By New Times
By Derek Askey
By Mark Deming
By Serene Dominic
By Jason Keil
By Robrt L. Pela and Amy Silverman
By Jeff Moses
By Serene Dominic
In early June, we carry with us a touch of the reverse Midas. We are the black cat in your path. We are the ladder you walk underneath. Yea, verily we say unto you, everything we touch turns to shit. And it just might be contagious.
Two months into a brand-new season, the Arizona Diamondbacks are under new management and in second place in baseball's five-team National League West Division. Of course, fewer than a third of the team's 162 games have been played, and just before a weeklong road trip, the boys in purple and teal have dropped four of six at home against division rivals San Diego and L.A. And if that's not enough, on the evening of June 2, the team is about to face one of the most dominating pitchers of the past decade, and the most recognizable face of the "New Mets," Pedro Martinez.
So with a certain amount of realism looming, what's the Diamondbacks media relations office concerned about? Well, us.
Whatever the reason for their misplaced anxiety (all we want to do is talk about music), the Diamondbacks' media gatekeepers have deigned to allow us one, and only one, entrance into that most sacred of places, the visitors' clubhouse -- provided that we don't, you know, approach any of the "bigger names."
Now none of this, you understand, is the fault of the players. The D-Backs, on the whole, are young, friendly, Vandyke-wearing, iPod-owning men of warmth and good cheer.
Rookie catcher Chris Snyder is another iPod owner. A mini, in his case. He's just bought the new Dave Matthews CD (he likes it), but the pregame ritual has its own music. "When I'm going to the park," Snyder says, "I listen to a lot of like heavy stuff -- Metallica, Disturbed, stuff like that."
Snyder says that outfielder Luis Gonzalez (forbidden fruit to us) is not only the clubhouse leader, but also the head iPod guy. "He's got like two million songs on it," says Snyder. "He's got every song you could think of."
But our clubhouse focus this afternoon is reserve infielder Matt Kata.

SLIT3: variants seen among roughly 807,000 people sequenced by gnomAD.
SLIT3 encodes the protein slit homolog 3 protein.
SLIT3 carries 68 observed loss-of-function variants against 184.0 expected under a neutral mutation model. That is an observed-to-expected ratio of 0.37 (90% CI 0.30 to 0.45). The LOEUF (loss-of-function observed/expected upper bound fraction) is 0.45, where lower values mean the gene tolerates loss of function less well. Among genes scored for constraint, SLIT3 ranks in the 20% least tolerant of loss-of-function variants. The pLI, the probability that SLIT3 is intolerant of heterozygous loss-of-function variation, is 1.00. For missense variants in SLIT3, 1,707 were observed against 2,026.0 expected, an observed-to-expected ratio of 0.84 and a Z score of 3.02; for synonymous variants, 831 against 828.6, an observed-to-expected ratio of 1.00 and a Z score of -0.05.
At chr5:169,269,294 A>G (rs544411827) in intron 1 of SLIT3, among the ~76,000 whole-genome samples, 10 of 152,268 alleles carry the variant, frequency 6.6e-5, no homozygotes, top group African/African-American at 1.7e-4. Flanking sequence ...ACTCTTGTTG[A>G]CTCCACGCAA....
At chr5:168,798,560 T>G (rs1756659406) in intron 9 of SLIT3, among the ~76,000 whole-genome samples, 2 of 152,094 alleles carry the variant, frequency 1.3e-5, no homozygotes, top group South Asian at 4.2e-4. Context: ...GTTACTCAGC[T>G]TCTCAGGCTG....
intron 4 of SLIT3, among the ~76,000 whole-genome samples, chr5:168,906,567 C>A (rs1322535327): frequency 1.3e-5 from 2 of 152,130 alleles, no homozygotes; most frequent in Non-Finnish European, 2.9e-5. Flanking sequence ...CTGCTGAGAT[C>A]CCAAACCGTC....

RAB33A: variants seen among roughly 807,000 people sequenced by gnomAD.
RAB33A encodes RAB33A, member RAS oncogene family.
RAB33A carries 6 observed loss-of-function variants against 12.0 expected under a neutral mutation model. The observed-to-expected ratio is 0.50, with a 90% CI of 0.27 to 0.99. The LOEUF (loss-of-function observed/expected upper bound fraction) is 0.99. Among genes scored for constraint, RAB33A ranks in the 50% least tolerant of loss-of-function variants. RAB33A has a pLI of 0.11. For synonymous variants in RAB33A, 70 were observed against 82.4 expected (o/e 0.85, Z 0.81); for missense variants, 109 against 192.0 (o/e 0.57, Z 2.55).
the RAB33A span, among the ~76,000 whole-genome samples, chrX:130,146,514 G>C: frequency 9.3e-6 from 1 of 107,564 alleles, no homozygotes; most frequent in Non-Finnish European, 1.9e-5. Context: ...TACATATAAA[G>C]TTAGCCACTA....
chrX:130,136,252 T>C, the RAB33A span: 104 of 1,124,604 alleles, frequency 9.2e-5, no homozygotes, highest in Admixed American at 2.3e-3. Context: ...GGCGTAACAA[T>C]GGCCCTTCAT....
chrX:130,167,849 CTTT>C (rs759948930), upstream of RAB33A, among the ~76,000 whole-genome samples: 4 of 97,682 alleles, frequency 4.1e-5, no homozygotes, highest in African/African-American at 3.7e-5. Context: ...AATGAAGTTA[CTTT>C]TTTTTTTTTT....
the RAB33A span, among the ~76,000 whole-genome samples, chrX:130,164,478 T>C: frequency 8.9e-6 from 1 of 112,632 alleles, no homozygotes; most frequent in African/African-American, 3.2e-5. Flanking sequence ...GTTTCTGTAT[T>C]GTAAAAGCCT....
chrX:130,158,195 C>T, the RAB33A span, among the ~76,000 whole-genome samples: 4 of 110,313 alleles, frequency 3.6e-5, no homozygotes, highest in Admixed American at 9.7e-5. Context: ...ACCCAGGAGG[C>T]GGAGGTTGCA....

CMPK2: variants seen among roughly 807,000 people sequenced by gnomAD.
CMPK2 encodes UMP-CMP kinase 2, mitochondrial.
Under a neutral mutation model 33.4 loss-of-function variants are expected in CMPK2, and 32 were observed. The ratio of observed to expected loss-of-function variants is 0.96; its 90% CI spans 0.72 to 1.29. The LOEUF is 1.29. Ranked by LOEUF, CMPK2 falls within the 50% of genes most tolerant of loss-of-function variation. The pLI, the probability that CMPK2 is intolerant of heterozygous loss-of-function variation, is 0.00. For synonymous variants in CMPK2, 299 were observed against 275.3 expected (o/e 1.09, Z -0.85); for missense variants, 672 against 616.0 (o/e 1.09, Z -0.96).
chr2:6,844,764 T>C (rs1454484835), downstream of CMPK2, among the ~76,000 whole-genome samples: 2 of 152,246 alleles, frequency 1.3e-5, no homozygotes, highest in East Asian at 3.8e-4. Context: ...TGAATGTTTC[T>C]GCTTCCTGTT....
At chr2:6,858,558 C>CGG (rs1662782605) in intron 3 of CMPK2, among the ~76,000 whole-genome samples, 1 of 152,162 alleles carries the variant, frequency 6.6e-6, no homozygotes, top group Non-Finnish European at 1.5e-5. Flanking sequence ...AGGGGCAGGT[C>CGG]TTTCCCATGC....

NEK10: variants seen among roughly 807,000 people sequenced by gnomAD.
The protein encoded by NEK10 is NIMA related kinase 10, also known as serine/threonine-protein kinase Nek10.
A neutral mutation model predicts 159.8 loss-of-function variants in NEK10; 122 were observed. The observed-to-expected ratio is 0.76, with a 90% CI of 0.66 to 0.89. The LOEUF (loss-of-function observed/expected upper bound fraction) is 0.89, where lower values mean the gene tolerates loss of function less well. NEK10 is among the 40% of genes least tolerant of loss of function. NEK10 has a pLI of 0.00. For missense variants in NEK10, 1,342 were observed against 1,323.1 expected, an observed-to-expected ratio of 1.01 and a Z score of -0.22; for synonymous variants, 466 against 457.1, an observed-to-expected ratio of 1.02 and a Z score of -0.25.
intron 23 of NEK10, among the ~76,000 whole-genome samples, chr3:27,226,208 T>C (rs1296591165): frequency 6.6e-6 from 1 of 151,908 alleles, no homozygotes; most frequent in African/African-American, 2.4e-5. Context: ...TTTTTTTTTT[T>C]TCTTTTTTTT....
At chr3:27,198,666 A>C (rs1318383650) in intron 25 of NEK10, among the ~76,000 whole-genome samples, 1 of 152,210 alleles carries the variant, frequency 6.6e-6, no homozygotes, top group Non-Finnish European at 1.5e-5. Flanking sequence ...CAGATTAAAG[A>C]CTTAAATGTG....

"I have, in general, just a real appreciation for music and musicians," Kata says.
The calluses familiar to every beginning guitarist are evident on the fingertips of his glove hand. Three months prior, for his birthday, Kata's wife bought him a Fender acoustic.
"Was it exactly what you wanted?" we ask.
"The calluses?" he asks.
A funny boy, that Matt Kata.
The third-year Diamondback is also a major league Bob Dylan fan, a handed-down gift of taste from his father and older sister. He's even picked up a Dylan guitar tab book.
Kata's favorite album: "Ah, definitely Blood on the Tracks."
Early on in Arizona's ill-fated 2004 campaign, Matt Kata was the D-Backs' starting second baseman, but a torn left labrum ended his year in late May. Over the off-season, Arizona picked up Royce Clayton at short, and brought back Craig Counsell at second, so Kata, still a relatively young 27, found himself without a chair when the music stopped. With Alex Cintron, another middle infielder, on the bench, Kata spent part of this May with the Triple A Tucson Sidewinders in the Pacific Coast League. But the ever-optimistic second sacker made the most of his time, even on the road.
"When I was in Memphis," he says, "it was great because one of the mornings I went over to the Stax Museum -- Stax Records, you know -- Otis Redding and Isaac Hayes and stuff. So I went through the Stax Museum and kind of got the Memphis connection to the blues. And at the end of it, they had a Dylan photograph exhibit. Sixty previously unreleased photographs."
Kata, like seemingly every Diamondback not named Shawn Estes (the left-hander prefers to wear Oakley Thumpers -- sunglasses with earphones that'll hold about 20 songs -- during his daily warm-up), owns an iPod. This is a very good thing for road trips. After all, not every town has its own Stax Museum.
"It's like my American Express card," he says. "I don't leave home without my iPod."
Kata, kind soul that he is, allows us to blubber for a time about our own dead 40 GB, part of that reverse Midas thing that's going on. We're damn near in mourning.
"I can shuffle my iPod," Kata says, "and a song will come on, and I have a vivid memory of something. It just sparks. I could go shuffle my iPod and give you a little story about it."